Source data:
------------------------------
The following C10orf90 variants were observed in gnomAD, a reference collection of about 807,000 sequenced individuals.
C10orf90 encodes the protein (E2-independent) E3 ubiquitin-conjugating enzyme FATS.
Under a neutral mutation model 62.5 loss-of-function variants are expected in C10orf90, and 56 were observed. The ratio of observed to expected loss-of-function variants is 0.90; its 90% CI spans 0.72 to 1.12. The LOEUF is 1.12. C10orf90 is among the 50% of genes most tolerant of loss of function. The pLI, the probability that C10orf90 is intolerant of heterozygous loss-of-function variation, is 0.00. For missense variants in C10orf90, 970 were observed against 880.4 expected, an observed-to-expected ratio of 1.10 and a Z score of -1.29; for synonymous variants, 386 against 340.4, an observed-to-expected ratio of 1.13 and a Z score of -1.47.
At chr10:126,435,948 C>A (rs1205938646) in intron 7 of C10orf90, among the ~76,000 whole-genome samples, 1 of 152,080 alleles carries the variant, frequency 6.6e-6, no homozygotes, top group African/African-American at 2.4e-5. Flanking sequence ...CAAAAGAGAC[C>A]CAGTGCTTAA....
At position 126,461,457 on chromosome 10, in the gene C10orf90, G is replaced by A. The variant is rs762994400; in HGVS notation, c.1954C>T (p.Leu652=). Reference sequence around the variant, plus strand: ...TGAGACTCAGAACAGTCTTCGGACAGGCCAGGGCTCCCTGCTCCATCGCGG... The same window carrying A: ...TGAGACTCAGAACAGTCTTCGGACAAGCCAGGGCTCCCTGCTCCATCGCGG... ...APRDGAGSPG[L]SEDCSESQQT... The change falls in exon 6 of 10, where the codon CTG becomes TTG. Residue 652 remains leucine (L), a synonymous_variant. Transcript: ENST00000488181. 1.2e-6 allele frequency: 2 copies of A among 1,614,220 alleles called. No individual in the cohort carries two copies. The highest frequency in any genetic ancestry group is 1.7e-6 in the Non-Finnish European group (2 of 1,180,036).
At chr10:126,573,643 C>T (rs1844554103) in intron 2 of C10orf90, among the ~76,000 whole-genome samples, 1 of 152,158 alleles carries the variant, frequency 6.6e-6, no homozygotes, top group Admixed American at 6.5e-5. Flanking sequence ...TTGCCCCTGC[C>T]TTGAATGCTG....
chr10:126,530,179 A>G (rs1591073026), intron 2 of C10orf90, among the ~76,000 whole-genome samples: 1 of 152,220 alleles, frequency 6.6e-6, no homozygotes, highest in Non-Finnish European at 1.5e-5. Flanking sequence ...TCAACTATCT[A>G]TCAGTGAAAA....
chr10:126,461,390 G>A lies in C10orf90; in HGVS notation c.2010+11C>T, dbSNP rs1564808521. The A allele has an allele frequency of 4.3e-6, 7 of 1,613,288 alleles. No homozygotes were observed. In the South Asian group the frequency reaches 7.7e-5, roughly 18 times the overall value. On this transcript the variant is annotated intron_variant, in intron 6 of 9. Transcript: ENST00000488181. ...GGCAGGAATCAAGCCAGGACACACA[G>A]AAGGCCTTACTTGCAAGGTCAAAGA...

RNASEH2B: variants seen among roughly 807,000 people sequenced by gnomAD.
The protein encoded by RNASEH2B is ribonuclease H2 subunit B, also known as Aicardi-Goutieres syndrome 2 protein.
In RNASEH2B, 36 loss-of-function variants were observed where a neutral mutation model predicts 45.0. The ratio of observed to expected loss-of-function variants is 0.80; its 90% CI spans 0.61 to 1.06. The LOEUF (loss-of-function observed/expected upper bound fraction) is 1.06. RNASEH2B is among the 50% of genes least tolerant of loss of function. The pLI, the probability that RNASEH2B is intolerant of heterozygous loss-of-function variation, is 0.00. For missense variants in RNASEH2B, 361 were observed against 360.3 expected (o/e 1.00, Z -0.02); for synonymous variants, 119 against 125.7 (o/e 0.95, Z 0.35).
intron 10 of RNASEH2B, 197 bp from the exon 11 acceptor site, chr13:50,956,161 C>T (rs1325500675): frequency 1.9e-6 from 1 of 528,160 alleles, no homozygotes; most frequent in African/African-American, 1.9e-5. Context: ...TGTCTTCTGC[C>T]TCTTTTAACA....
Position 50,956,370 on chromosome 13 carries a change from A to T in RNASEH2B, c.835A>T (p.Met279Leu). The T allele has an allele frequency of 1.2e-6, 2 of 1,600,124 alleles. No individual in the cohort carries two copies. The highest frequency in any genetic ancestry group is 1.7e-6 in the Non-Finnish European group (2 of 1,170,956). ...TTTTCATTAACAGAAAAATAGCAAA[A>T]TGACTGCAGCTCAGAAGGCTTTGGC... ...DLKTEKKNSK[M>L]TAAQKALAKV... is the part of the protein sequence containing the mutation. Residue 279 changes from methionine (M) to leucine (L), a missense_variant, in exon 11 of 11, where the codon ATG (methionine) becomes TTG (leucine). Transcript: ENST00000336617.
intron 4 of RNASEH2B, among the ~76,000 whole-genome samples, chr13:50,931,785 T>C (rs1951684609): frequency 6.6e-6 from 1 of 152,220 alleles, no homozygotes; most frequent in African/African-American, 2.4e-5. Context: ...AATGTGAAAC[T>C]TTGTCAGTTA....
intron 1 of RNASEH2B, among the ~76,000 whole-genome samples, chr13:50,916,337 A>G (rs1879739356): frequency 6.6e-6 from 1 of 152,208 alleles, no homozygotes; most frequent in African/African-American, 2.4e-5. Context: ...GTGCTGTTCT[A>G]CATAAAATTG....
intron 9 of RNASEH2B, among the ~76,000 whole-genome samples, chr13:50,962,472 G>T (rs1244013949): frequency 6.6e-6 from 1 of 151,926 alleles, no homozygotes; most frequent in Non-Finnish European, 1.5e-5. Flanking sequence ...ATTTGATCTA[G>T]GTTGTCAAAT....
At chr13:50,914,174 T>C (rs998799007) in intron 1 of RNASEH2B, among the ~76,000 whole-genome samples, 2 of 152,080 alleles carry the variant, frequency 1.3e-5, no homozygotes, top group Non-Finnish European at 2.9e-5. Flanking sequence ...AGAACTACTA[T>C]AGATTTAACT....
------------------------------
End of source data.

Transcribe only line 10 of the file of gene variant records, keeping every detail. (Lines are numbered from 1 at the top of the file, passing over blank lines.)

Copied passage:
The protein encoded by RNASEH2B is ribonuclease H2 subunit B, also known as Aicardi-Goutieres syndrome 2 protein.